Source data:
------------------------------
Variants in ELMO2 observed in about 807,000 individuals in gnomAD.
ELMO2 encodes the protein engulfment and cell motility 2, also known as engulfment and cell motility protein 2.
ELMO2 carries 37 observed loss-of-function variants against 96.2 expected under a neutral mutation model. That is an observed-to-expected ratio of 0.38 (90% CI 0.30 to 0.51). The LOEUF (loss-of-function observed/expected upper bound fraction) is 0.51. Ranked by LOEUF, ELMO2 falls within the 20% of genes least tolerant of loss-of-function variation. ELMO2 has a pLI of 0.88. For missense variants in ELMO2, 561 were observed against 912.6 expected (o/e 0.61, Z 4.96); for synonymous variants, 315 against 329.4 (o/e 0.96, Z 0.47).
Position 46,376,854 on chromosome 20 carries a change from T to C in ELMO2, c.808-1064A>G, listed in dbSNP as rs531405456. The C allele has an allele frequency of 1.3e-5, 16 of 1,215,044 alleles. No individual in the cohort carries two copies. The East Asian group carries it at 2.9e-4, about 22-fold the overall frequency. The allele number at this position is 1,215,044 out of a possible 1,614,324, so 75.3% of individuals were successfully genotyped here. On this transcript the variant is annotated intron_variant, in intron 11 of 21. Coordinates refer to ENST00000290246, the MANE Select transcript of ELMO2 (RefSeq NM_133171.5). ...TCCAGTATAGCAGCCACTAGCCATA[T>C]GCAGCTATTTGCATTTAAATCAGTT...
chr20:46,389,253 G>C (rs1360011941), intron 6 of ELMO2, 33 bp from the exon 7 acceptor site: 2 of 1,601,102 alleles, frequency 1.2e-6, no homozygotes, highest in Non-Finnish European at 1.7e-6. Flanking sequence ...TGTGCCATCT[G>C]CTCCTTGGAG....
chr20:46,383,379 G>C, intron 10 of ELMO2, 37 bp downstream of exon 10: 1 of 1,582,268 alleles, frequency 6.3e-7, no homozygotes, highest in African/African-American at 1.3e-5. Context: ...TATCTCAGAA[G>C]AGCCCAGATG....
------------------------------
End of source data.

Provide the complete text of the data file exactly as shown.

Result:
Variants in ELMO2 observed in about 807,000 individuals in gnomAD.
ELMO2 encodes the protein engulfment and cell motility 2, also known as engulfment and cell motility protein 2.
ELMO2 carries 37 observed loss-of-function variants against 96.2 expected under a neutral mutation model. That is an observed-to-expected ratio of 0.38 (90% CI 0.30 to 0.51). The LOEUF (loss-of-function observed/expected upper bound fraction) is 0.51. Ranked by LOEUF, ELMO2 falls within the 20% of genes least tolerant of loss-of-function variation. ELMO2 has a pLI of 0.88. For missense variants in ELMO2, 561 were observed against 912.6 expected (o/e 0.61, Z 4.96); for synonymous variants, 315 against 329.4 (o/e 0.96, Z 0.47).
Position 46,376,854 on chromosome 20 carries a change from T to C in ELMO2, c.808-1064A>G, listed in dbSNP as rs531405456. The C allele has an allele frequency of 1.3e-5, 16 of 1,215,044 alleles. No individual in the cohort carries two copies. The East Asian group carries it at 2.9e-4, about 22-fold the overall frequency. The allele number at this position is 1,215,044 out of a possible 1,614,324, so 75.3% of individuals were successfully genotyped here. On this transcript the variant is annotated intron_variant, in intron 11 of 21. Coordinates refer to ENST00000290246, the MANE Select transcript of ELMO2 (RefSeq NM_133171.5). ...TCCAGTATAGCAGCCACTAGCCATA[T>C]GCAGCTATTTGCATTTAAATCAGTT...
chr20:46,389,253 G>C (rs1360011941), intron 6 of ELMO2, 33 bp from the exon 7 acceptor site: 2 of 1,601,102 alleles, frequency 1.2e-6, no homozygotes, highest in Non-Finnish European at 1.7e-6. Flanking sequence ...TGTGCCATCT[G>C]CTCCTTGGAG....
chr20:46,383,379 G>C, intron 10 of ELMO2, 37 bp downstream of exon 10: 1 of 1,582,268 alleles, frequency 6.3e-7, no homozygotes, highest in African/African-American at 1.3e-5. Context: ...TATCTCAGAA[G>C]AGCCCAGATG....